Condominium Cluster Computing(Available for LBNL researchers)
In recognition of the increasing importance of research computing across many scientific disciplines, LBNL has made a significant investment in developing the LBNL Condo Cluster program, as a way to grow and sustain midrange computing for Berkeley Lab. The Condo program is intended to provide Berkeley Lab researchers with state-of-the-art, professionally-administered computing systems and ancillary infrastructure, with the intent of improving competitiveness on grants, and achieving economies of scale with centralized computing systems and data center facilities.
The model for sustaining the Condo program is premised on faculty and principal investigators using equipment purchase funds from their grants or other available funds to purchase compute nodes (individual servers) which are then added to the Lab's Lawrencium compute cluster. This allows PI-owned nodes to take advantage of the high speed Infiniband interconnect and high performance Lustre parallel filesystem storage associated with Lawrencium. Operating costs for managing and housing PI-owned compute nodes are waived in exchange for letting other users make use of any idle compute cycles on the PI-owned nodes. These PI owners have priority access to computing resources equivalent to those purchased with their funds, but now can access more nodes for their research if needed. This provides the PI with much greater flexibility as compared to owning a standalone cluster.
This program is intended for PIs that would otherwise purchase a small (4 nodes) to medium scale (72 nodes) standalone Linux cluster. Projects with larger compute needs or many users or groups should consider setting up a dedicated cluster so that they can better prioritize shared access between their users.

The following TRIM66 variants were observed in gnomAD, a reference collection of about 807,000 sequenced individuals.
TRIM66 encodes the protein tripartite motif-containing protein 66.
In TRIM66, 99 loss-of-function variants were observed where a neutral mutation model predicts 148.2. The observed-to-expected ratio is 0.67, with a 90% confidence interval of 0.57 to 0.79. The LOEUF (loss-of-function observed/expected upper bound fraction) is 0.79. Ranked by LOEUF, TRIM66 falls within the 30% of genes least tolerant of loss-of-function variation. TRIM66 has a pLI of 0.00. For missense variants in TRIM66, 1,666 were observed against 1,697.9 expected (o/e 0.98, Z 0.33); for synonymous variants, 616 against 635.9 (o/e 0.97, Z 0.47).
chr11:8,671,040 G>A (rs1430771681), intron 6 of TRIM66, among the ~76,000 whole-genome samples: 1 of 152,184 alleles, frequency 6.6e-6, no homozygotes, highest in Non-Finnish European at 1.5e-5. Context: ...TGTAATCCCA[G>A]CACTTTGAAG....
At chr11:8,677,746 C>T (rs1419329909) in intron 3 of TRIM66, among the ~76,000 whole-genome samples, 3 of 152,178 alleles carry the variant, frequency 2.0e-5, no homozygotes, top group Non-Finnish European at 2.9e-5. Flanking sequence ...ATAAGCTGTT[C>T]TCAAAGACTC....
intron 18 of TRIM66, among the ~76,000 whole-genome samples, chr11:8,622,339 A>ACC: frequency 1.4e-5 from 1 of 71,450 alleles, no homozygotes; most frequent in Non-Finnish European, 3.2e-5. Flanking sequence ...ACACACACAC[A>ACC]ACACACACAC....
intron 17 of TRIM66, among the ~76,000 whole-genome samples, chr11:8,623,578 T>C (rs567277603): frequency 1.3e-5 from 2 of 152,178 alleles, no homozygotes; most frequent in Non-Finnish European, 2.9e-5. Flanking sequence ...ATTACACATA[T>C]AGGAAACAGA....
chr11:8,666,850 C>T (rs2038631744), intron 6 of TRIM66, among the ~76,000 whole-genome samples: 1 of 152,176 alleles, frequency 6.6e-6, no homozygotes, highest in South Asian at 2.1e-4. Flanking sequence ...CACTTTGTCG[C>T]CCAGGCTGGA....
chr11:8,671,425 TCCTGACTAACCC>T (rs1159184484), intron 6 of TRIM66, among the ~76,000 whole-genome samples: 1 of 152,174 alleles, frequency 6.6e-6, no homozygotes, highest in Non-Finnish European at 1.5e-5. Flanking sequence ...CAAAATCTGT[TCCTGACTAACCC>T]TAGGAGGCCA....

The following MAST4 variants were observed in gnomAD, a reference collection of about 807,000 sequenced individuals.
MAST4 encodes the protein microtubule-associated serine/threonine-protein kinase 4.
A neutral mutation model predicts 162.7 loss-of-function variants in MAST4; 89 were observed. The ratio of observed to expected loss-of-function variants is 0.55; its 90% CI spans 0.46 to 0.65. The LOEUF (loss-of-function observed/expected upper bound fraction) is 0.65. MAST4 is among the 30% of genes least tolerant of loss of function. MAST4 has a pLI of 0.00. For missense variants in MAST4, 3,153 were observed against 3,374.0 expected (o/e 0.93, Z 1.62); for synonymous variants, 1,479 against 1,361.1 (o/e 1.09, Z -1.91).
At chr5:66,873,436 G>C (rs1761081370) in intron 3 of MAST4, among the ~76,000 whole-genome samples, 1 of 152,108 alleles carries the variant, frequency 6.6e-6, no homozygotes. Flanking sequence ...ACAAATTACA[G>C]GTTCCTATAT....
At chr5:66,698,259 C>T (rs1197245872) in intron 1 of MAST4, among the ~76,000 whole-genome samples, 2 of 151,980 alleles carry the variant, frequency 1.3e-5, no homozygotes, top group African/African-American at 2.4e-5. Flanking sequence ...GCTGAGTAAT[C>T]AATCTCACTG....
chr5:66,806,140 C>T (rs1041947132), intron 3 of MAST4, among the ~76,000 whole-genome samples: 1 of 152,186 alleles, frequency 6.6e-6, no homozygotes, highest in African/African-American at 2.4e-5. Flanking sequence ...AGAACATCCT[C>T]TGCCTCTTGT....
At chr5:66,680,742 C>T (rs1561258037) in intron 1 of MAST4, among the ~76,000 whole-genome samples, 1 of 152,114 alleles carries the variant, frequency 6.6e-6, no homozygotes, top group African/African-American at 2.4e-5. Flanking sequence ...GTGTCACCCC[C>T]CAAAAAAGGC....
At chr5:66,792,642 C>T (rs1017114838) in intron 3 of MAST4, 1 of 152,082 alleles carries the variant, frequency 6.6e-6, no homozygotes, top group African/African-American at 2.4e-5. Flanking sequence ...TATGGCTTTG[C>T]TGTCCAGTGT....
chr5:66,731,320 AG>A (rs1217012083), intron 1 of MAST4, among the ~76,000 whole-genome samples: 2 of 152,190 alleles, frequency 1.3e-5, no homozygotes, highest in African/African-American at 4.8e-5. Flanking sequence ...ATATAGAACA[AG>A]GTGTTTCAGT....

Compute node equipment is purchased and maintained based on a 4-year lifecycle at which point the PI owning the nodes will be notified that the nodes will have to be upgraded during year 5. If the hardware is not upgraded by the end of 5 years, the PI may donate the equipment to Condo or take possession of the equipment (removal of the equipment from LC3 and transfer to another location is at the PI's expense); nodes left in the cluster after five years may be removed and disposed of at the discretion of the HPCS program manager
All Lawrencium and condo users have a 10GB home directory on the Lab's shared HPC infrastructure and are charged $25/mo. for account maintenance which includes backups of their home directory. Users or projects needing more space for persistent data can purchase storage shelves that can be hosted by the Lab's HPC infrastructure. Storage shelves are purchased and maintained on a 5-yr lifecycle after which the PI must renew the storage purchase at the then-prevailing price or remove the data within 3 months.
Once a PI has decided to participate, the PI or his designated person works with the HPC Services manager and operations team to procure the desired number of compute nodes and storage. Generally, it takes about three months from start to finish. In the interim, a test condo queue with a small allocation will be setup for the PI's users in anticipation of the new equipment. Users may submit jobs to the general Lawrencium queues on the cluster, but use will incur the cpu usage fees of $0.01 per service unit. Jobs are subject to general queue limitations and guaranteed access to contributed cores is not provided until purchased nodes are provisioned.
Compute node with the following specifications:
Storage: Hitachi HDS HUS 110 storage shelf configured with 12x4TB Nearline SAS 7200RPM disks.Prospective condo owners should contact HPC Services Manager Gary Jung prior to purchasing any equipment to insure compatibility.
Lawrencium Condo Owners
David Prendergast, Molecular Foundry
Jeff Neaton, Molecular Foundry
Daniel Haxton, Chemical Sciences Division
William Lester, Chemical Sciences Division
Quanlin Zhou, Earth and Environmental Sciences Area
Jens Birkholzer, Energy Geosciences Sciences Area
Curtis Oldenburg, Earth and Environmental Sciences Area
Barry Freifeld, Earth and Environmental Sciences Area
Peter Lau, Earth and Environmental Sciences Area
David Romps, Earth and Environmental Sciences Area
Kristin Persson, Energy Technologies Area
Anubhav Jain, Energy Technologies Area